A toxic tort is a type of personal injury claim wherein the plaintiff is injured by exposure to toxic or hazardous materials. Toxic exposure claims can often take long periods of time to develop, as the symptoms of exposure may not appear until many months or years later. Also, a large number of people can be exposed to toxic chemicals at one time, as in when a building is contaminated by toxic mold. Thus, it’s common for a toxic tort claim to be filed as a class action lawsuit, resulting in heavy payouts to the injured persons.
Because there is a potential for great losses due to a class action claim, most defendants in a toxic tort case will try to assert one or more defenses. These usually take the form of “affirmative defenses”- that is, even if the plaintiff can prove that the defendant was liable, the defense will relieve the defendant of liability.
Examples of affirmative defenses in a toxic tort lawsuit are:
- Assumption of Risk: This is where the plaintiff was warned of the risks, but disregarded the warnings and exposed themselves to the toxic materials anyway. This defense is commonly raised, since toxic materials are often accompanied by some sort of “Warning” or “Hazard” sign
- Contributory/Comparative Negligence: If the plaintiff was negligent in a way that added to their own injury, it could serve as a defense. In some states, the plaintiff may be prohibited from filing suit, or their damages award will be reduced. This defense is not available in all jurisdictions
- Statute of Limitations: The plaintiff usually has a limited time to file a lawsuit after they discover their injuries. When this time limit has expired, it is called “tolling the statute of limitations”, and the plaintiff can’t file their case anymore. This is important in a toxic torts claim, because the effects of toxic exposure may not be discovered until much later.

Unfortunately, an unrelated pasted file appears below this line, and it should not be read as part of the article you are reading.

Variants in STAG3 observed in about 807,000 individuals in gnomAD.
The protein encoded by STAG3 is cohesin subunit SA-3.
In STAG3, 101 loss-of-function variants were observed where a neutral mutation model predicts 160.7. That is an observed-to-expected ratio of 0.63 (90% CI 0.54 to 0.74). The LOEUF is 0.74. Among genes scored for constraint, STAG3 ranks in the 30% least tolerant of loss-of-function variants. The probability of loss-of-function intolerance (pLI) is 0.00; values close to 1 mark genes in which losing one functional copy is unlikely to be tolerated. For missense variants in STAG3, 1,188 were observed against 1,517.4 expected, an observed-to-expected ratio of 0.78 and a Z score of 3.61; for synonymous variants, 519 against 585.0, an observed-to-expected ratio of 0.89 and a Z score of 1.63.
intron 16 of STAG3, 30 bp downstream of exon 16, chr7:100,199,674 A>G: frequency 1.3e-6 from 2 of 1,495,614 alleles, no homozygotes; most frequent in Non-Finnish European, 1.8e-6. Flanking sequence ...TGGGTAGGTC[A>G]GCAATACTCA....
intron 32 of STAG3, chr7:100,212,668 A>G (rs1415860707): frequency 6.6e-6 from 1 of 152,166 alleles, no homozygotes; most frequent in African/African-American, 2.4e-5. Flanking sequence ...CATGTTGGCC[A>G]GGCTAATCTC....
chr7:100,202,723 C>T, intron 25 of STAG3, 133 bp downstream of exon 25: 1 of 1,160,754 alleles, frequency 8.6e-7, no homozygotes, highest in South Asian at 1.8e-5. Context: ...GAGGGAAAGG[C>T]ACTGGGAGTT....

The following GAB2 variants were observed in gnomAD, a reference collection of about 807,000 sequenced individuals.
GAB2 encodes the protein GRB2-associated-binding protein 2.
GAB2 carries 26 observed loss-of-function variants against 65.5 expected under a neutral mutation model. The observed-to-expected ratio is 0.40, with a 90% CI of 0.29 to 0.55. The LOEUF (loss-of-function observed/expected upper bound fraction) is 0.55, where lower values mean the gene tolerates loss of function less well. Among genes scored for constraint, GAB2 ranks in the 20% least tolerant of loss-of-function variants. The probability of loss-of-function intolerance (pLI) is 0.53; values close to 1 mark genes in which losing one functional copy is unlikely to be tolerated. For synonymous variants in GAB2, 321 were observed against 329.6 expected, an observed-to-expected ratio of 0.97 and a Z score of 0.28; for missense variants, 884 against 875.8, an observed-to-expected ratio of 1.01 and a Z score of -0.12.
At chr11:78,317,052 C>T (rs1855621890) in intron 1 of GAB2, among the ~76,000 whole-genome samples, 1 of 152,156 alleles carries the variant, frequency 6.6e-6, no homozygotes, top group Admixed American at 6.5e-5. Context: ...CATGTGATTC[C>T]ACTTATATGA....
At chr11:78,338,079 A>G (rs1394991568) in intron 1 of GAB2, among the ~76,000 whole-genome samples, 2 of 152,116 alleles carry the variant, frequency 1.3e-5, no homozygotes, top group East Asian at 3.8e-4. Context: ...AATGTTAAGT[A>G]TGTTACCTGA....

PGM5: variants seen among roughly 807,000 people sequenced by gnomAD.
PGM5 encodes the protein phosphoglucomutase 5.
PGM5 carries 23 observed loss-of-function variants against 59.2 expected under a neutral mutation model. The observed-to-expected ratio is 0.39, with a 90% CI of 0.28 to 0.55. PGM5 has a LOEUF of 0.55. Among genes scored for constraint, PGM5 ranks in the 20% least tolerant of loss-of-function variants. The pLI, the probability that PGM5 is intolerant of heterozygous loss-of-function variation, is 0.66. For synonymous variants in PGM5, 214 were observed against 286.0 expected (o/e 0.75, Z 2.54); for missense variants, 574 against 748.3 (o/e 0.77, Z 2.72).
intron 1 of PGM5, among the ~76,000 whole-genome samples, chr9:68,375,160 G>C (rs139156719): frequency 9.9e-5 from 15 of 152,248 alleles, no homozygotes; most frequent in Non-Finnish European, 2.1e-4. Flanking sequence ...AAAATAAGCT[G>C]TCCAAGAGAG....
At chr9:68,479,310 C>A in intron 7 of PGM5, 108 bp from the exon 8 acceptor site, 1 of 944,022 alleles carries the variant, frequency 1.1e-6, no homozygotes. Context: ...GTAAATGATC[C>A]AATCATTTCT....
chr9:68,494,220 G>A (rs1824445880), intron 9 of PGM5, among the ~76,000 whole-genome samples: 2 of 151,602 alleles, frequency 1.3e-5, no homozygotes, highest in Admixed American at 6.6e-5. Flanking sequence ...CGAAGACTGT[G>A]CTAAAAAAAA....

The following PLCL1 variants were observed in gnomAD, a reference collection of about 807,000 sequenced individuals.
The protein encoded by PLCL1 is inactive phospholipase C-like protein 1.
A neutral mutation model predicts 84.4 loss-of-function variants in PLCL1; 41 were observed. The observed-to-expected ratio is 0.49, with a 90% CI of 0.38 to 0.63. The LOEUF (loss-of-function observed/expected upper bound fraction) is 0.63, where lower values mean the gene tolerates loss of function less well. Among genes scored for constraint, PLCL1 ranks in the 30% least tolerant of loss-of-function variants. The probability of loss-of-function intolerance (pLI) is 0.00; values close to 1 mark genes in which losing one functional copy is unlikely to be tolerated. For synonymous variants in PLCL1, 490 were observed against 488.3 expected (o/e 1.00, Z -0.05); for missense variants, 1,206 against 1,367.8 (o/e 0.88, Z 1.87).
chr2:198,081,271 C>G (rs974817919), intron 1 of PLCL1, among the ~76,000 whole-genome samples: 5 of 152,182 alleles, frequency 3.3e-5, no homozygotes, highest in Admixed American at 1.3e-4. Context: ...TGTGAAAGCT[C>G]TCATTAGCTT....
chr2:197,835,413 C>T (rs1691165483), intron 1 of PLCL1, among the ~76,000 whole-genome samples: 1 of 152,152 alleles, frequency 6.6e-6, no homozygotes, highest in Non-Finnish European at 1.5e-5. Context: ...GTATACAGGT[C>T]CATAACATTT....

- Statute of Repose: This is similar to the statute of limitations, except that the plaintiff is given an absolute time limit to file their claim, regardless of when they discover their injury. Most jurisdictions enforce statutes of limitation rather than statutes of repose.
- Conflict of Laws: It may be a defense if the state, county, or city laws governing toxic torts are in direct conflict with federal laws.
Finally, a common way for a defendant to avoid liability is to prove that the injured party hasn’t proven all the elements for the toxic tort violation. For example, the plaintiff needs to prove that the defendant actually caused their injuries. While this is not technically an affirmative defense, a failure to prove causation can relieve the defendant of liability.
If you are involved in a toxic tort lawsuit, you may need the assistance of a qualified personal injury lawyer. Your attorney can advise you on the laws in your state, especially the rules regarding toxic tort defenses. In the past decade, toxic tort claims have often resulted in very high damages awards for the plaintiffs, so you may wish to contact a lawyer if you’ve been involved in a case of toxic exposure.